You may have heard that the U.S. Food and Drug Administration recently designated MDMA a ‘breakthrough therapy’—but what the heck does that mean?
Currently, the Multidisciplinary Association for Psychedelic Studies is studying MDMA for its usefulness in treating extreme post-traumatic stress disorder (PTSD) in conjunction with psychotherapy. They are now entering Phase III clinical trials, involving at least 230 patients, which is the final step before a drug is approved by the FDA for public prescription.
MAPS hopes MDMA, sometimes known as ‘ecstasy’ or ‘Molly,’ will be available via prescription by 2021. By earning a ‘breakthrough’ designation, a drug moves through the approval process more confidentially and efficiently.
What Is A ‘Breakthrough Therapy’?
The FDA controls all prescription drug approvals, including drug-related pharmacotherapy, such as chemotherapy. When going through clinical trials, they will sometimes give a drug a breakthrough designation, a status they’ve given to only 200 drugs since 2012, when this program was started. Still, not every drug gets approved.
Part of the qualifications require that “preliminary clinical evidence indicates that the drug may demonstrate substantial improvement over existing therapies.” As mentioned before, this designation allows for an expedited development and review of the drug.
The majority of breakthrough designations are given to drugs that treat cancers. So for a drug like MDMA—an entactogen that is not a typical stimulant or hallucinogen— to receive this label is likely quite significant. Perhaps more telling, there are currently only two FDA-approved medications—sertraline (Zoloft) and paroxetine (Paxil)—for treating PTSD.
“This is not a big scientific step,” neuropsychopharmacologist David Nutt told Science Magazine. “It’s been obvious for 40 years that these drugs are medicines. But it’s a huge step in acceptance.”
Like cannabis and heroin, MDMA (3,4-Methylenedioxymethamphetamine) is considered Schedule I by the Drug Enforcement Administration, meaning the DEA doesn’t recognize any medical benefits and claims it has a high potential for abuse. As part of “Just Say No,” this classification was quickly slapped on MDMA in 1985, thanks to its association with raves and underground parties.
Yet, MDMA has a deep history with therapy-based research.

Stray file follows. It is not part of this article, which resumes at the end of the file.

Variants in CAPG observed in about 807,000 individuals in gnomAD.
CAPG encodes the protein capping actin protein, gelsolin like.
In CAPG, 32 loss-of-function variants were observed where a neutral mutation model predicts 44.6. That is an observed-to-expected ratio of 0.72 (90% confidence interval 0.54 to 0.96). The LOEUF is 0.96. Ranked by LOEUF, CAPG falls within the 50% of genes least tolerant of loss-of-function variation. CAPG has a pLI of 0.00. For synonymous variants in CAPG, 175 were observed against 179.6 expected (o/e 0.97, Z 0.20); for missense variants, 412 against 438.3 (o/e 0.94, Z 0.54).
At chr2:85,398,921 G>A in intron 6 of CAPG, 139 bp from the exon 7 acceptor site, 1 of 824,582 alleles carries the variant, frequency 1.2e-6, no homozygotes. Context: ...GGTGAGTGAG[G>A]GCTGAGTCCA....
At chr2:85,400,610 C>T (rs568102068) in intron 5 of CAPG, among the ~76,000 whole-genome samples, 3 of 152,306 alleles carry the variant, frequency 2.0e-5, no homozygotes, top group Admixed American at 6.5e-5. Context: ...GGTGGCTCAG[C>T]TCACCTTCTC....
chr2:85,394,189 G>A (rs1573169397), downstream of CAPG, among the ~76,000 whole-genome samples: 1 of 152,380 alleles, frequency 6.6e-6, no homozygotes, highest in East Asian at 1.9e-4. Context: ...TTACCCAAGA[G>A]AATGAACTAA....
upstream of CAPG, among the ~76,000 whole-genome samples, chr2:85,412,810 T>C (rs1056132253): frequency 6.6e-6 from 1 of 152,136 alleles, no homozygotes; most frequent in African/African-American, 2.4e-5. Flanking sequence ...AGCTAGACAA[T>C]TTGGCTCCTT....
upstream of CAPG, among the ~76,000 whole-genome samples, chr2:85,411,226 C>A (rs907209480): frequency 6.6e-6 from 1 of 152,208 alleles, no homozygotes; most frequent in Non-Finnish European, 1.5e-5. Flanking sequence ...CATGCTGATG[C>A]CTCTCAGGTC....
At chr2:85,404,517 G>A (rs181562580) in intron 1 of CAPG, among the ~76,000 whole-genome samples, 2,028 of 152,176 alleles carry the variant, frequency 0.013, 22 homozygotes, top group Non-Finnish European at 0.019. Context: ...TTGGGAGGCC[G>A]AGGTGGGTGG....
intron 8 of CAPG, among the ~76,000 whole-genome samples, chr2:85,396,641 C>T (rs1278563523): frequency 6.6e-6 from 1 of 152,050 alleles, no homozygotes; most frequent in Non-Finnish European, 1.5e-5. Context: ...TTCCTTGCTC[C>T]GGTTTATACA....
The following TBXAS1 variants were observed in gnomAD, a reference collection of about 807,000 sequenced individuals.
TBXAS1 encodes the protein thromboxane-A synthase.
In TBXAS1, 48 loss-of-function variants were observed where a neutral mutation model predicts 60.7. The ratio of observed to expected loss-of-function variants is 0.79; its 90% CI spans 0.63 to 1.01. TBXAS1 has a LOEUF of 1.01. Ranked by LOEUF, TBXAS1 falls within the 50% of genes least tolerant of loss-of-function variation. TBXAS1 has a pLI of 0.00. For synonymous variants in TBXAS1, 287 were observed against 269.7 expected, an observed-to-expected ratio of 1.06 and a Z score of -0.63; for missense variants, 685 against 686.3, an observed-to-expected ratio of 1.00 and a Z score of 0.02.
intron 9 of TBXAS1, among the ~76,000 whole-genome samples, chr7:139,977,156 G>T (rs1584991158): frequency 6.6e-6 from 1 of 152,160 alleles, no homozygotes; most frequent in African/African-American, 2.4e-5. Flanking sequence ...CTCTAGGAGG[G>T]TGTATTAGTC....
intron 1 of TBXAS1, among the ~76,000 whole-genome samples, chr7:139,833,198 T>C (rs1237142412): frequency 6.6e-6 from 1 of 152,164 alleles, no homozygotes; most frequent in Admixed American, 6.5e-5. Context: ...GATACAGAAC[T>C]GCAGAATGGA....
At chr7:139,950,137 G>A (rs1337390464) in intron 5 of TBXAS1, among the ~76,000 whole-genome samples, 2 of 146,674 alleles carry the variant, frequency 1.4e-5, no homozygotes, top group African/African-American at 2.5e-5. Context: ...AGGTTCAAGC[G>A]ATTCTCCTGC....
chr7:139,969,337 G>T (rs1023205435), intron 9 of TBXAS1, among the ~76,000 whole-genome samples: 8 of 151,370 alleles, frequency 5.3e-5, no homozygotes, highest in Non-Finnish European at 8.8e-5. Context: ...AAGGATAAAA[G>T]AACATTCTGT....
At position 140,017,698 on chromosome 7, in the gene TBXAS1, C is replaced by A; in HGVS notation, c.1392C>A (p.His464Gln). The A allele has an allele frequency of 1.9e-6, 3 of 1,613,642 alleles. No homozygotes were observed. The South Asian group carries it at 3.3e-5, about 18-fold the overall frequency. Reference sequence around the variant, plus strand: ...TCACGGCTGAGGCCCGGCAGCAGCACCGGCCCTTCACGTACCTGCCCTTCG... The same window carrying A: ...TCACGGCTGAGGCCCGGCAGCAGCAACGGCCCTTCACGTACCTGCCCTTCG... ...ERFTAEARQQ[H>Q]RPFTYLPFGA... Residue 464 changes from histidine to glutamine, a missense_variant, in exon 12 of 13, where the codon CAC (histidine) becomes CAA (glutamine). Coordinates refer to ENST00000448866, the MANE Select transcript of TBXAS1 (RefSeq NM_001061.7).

While working at Merck, the German pharmaceutical company, chemist Anton Köllisch first synthesized MDMA in 1912, but it was largely forgotten until 1953, when the University of Michigan conducted a large toxicological study beneath a classified military contract.
The U.S. Army gave MDMA a chemical warfare code of EA-1475—ironically, the drug may now help ease the anguish of war. The study found that “no brain damage or neurotoxicity was observed [in five different animal species], and MDMA was found to be less toxic than MDA.”
Yet it wasn’t until the ‘70s, when MDMA was rediscovered by psychopharmacologist Alexander Shulgin, that the drug’s true potential was realized. In 1977, Shulgin gave the drug to psychotherapist Leo Zeff, who christened the molecule ‘Adam’ and later shared it with another 4,000 therapists.
Psychiatrist George Greer was one of these, and he testified before the DEA in 1985 that “because every therapist I know who has given MDMA to a patient has found it to be of significant value, I am convinced that it can be shown scientifically to be efficacious.”
He also noted that other therapists he knew found MDMA to be “much more benign than psychedelic drugs and extremely useful for deepening and accelerating conventional psychotherapy.”
Of course, the DEA did not listen.
And here we are today—science is catching up with itself again. Will MDMA be rediscovered as a powerful tool for psychotherapy? Time will tell, but it’s promising that the biggest hurdle for psychedelic research is no longer coming from the federal government.